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Changing the way we see Indigenous women

by Olivia Deresti-Robinson September 26, 2017 2 comments

Concordia grad and fellow artist combine forces to empower each other and viewers

Artist Émilie Monnet and recent Concordia MFA graduate Dayna Danger were asked to exhibit their work as part of the OBORO art centre’s year-long dedication to Indigenous artists and thinkers in response to the Canada 150 celebrations.

In collaboration with five women from the Native Women’s Shelter of Montreal, the artists took the opportunity to put together a month-long exhibition centred around the empowerment of Indigenous women.

OBORO’s website states Monnet and Danger’s project, Sanctuary, “explores how one can create a feeling of sanctuary in one’s self.” It encourages Indigenous women to understand that their own bodies and ancestry can provide the refuge that their colonized land cannot. The small exhibition at OBORO is just one element of the centre’s ongoing project. This single-room exhibition consists of both photographic and audio pieces, and explores stars and their significance in all Indigenous cultures.

The photography aspect of the exhibition features portraits of the five Indigenous women from the shelter—Brenda Lee Marcoux, Gail Golder, Jenna Guanish, Violet Rose Quinney and Crystal Star Einish—embodying empowered alter-egos, or “star selves.” Their star selves were discovered through workshops with the artists and other collaborators, and included links to their ancestors. For example, in her portrait, Quinney chose to dress as her grandfather.

However, Monnet and Danger noted that the empowered personas the women chose were not far off from who they really are. “It was something that we didn’t really expect,” Danger said. “It was really beautiful.”

The portraits are laminated onto copper “shields,” because some Indigenous cultures believe the metal has healing properties. These shields hang from the ceiling in an inwards-facing circle, creating a powerful space that one has to physically enter in order to view the work.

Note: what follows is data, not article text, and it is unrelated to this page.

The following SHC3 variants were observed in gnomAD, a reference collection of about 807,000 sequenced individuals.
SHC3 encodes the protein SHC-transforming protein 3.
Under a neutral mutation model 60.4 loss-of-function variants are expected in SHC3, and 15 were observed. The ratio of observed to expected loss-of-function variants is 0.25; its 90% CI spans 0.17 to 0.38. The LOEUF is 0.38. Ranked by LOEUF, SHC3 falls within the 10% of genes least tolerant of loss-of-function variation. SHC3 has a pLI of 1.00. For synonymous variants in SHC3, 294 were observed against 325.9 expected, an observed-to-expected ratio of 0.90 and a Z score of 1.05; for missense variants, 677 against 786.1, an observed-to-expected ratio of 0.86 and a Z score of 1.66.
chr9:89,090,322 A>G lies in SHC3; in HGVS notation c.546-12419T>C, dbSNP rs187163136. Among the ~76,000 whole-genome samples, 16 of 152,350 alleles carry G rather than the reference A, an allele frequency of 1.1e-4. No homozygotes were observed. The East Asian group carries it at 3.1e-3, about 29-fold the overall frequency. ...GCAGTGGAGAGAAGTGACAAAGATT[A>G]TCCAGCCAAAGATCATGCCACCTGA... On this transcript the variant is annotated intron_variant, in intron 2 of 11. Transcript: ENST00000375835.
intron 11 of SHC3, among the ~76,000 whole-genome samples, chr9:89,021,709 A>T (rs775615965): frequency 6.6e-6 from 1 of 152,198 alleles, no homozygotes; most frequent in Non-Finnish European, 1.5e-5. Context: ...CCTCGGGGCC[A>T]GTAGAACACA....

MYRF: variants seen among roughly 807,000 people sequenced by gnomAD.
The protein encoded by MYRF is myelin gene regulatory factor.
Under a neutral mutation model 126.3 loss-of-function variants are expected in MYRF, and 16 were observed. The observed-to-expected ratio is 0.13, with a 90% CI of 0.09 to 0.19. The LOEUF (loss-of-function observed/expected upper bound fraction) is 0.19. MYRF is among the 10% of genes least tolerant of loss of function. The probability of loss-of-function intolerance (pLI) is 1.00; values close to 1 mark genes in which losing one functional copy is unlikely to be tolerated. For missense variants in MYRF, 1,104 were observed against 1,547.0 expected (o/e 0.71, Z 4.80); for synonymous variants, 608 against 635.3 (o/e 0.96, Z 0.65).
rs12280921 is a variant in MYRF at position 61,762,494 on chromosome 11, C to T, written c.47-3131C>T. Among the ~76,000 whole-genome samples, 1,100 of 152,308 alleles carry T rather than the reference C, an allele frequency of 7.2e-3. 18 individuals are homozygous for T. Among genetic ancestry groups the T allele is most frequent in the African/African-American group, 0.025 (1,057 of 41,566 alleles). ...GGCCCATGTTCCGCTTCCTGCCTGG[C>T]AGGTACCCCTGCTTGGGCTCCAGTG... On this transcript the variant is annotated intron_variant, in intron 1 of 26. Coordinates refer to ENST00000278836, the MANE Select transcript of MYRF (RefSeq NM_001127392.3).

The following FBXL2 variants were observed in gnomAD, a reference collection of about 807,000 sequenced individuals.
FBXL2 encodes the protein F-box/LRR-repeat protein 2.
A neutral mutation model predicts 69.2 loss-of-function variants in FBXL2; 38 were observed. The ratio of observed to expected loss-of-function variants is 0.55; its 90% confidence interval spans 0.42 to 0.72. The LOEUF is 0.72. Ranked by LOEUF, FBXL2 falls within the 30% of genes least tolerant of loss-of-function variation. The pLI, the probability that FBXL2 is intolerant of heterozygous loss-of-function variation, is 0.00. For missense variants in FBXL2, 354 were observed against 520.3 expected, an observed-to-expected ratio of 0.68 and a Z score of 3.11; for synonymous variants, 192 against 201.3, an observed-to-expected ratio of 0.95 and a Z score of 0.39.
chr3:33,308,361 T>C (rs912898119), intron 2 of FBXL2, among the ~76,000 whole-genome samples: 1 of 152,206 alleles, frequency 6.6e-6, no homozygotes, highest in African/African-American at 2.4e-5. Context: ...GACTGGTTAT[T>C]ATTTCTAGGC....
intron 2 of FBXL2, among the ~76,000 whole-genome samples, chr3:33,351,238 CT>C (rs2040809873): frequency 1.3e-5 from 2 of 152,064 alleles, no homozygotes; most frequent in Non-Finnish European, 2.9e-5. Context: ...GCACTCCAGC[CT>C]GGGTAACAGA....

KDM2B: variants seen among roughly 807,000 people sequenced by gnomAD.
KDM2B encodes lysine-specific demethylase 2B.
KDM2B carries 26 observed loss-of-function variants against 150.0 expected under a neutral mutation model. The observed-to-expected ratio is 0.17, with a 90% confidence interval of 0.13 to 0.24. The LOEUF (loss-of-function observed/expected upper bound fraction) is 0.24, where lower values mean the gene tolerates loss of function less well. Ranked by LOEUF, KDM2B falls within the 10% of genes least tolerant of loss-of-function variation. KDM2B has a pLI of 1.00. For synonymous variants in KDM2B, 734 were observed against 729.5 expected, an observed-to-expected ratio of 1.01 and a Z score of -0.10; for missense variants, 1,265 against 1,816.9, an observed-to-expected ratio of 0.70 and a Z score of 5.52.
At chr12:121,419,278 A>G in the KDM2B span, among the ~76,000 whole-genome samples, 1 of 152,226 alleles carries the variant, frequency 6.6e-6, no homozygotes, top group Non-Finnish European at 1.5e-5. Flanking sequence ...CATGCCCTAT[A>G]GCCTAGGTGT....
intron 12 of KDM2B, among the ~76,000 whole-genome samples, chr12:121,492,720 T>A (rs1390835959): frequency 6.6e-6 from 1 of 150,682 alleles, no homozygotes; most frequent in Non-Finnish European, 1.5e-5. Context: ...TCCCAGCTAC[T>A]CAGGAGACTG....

A traditional drum is mounted to a wall and lit from behind, giving the appearance of the moon. Photos by Kirubel Mehari.

On the wall to the right of the entrance hangs a hand drum, which is lit from behind. It casts a beam of light across the room onto the portraits, specifically onto the one of a woman holding a similar drum. “The drum lit up could be a reference to the moon,” Danger said.

The exhibition’s audio component consists of two parts: an ambient noise which fills the intimate, dark gallery space, and a voice recording played on headphones made available next to the hanging shields.

The ambient noise is made up of an Indigenous song sung by the artists as well as bits of conversation with the collaborators. The recording played through the headphones, is a dialogue from the workshops leading up to the exhibition, as well as intimate monologues that each woman wrote for their created alter-ego.

The atmosphere of the gallery space used for the exhibition aids in conveying the ideas of stars and restfulness. Upon entering the room, viewers feel a sense of sanctuary, as they are easily immersed in the exhibition through the blanket of darkness and placement of the pieces. The sound aspect of the installation helps contribute to the feeling of calm and comfort viewers experience. Additionally, the darkness of the room gives the few lit objects more visibility and significance, just as stars light up a pitch-black night sky.

According to Danger, the aim of this project was to guide Indigenous women in “seeing themselves in a positive and empowering way.” She added that she also hopes the public, in seeing the exhibition, would echo that vision.

“Even somebody who isn’t Indigenous is going to come in there and find some resonance with what is being said,” she said.

Wishes / Souhaits is on display until Oct. 21 at the OBORO gallery space at 4001 Berri St. The gallery is open Tuesday to Saturday from 12 p.m. to 5 p.m. For more information on OBORO’s year of Indigenous programming and upcoming exhibitions, check out their website.

A previous version of this article misquoted Dayna Danger with regards to the focus and aim of most Indigenous art. The Concordian apologizes for the error.

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  • adaya nyte

    Artist is extremely misquoted and the writer does not understand the project.

  • Lindsay

    It’s really disheartening to see a catalogue text written by an Indigenous, Two-Spirit person taken so out of context, and then used to misquote Dayna and to make grandiose statements that could be detrimental to Dayna’s career, and the Indigenous art community as a whole. This feels very non-consensual and colonial.